I will be back out there early (if my body lets me) tomorrow, hoping to finish getting through the trees.  Have that to do (47 more) plus a big family get together on my side, where we quarterly gather to eat and celebrate all the birthdays and anniversaries that happen this time of year.  So, I need sleep now, and there is another long day tomorrow.  The end of it all is coming.  A couple last weekends of garden work, vegetable processing, then deer hunting and meat processing, and then, maybe, after Thanksgiving weekend, a day off and a nap.

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Hoping We Are Not Too Late

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So, on the whole issue of rodent control, this is why we are wrappring tree trunks in metal screening.

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This larger tree was recently snacked on and not girdled.  I wrapped it in parafilm to protect the damaged areas.

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Not sure how much more we can do.img_8836 img_8839 img_8840 img_8841 img_8842 img_8844 img_8845

We cleaned up around every tree before wrapping them.

img_8849It was beautiful up there.  Tried to take  a few photos to show that.

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When I got to the seedling trees, the damage was more extensive.

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Mice and voles have not been the only predating animals on our property.  The horse which had broken free in the spring and come across our property then, did so again in July apparently, but was subsequently predated upon.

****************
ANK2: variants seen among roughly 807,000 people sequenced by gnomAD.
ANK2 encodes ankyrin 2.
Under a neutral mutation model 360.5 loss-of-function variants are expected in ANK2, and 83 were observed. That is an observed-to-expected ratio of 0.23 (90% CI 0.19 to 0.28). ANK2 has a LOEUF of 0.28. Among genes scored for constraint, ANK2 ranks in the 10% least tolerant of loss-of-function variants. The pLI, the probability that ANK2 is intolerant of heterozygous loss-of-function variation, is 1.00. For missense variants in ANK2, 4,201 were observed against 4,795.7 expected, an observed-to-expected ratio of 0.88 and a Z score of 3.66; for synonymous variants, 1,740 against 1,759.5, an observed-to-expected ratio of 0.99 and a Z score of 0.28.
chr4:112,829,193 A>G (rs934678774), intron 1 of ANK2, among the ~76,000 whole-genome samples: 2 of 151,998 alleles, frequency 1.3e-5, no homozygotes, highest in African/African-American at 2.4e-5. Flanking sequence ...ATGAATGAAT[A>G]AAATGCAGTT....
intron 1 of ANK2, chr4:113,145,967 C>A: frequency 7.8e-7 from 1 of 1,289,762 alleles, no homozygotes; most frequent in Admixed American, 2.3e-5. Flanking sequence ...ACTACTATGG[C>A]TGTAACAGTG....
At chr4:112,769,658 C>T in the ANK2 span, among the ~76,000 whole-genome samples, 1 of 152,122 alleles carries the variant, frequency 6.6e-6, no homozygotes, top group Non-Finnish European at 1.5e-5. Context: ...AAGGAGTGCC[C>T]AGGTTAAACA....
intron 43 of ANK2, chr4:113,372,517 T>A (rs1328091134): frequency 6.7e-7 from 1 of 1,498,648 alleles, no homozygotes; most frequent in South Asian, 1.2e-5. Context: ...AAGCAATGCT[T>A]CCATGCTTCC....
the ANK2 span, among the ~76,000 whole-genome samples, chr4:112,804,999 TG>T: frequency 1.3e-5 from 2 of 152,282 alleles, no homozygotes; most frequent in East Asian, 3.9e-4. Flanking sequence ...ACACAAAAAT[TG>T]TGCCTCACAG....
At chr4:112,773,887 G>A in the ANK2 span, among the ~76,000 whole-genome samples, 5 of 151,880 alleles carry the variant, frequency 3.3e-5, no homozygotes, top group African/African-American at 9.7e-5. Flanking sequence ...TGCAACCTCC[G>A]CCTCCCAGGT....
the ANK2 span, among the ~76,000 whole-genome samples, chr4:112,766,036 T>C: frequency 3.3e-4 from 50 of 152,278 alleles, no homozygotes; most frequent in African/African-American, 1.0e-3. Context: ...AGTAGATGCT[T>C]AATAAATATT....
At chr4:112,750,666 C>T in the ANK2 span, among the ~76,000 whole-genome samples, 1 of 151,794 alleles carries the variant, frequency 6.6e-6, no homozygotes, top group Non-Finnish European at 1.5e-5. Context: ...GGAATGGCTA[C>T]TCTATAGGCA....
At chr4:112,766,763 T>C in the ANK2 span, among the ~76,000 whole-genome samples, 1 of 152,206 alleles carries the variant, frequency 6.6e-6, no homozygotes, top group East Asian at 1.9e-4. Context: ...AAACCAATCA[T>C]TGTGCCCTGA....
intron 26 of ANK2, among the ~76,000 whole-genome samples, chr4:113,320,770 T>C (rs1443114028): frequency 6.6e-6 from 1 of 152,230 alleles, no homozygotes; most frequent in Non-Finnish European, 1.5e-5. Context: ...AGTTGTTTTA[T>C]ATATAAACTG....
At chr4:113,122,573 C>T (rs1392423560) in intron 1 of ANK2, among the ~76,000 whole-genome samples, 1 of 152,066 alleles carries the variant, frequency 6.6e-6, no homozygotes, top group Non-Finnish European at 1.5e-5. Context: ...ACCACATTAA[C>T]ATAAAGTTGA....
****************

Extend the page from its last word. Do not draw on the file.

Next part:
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I wrapped the grafts I have up there tight.

img_8857 img_8858 img_8862The nights are coming early, and we do not have near the daylight to get things done that we had this summer.  We are dark by 7 now.

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Sunday morning we went to Bayfield’s Apple Festival.  My kids had heard there was a vendor who had deep fried Oreos, and Claire wanted to try them.  I had not been to Apple Fest since the early 90s.  I remembered it as an apple themed food court at the bottom of a big hill.  It still is.  But a lot more people.

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Every single seedling apricot I planted in the field was eaten down to the ground.  The 5 in the high fence area are fine though.  I am hoping the window screen protects them for the winter from rodents.img_8868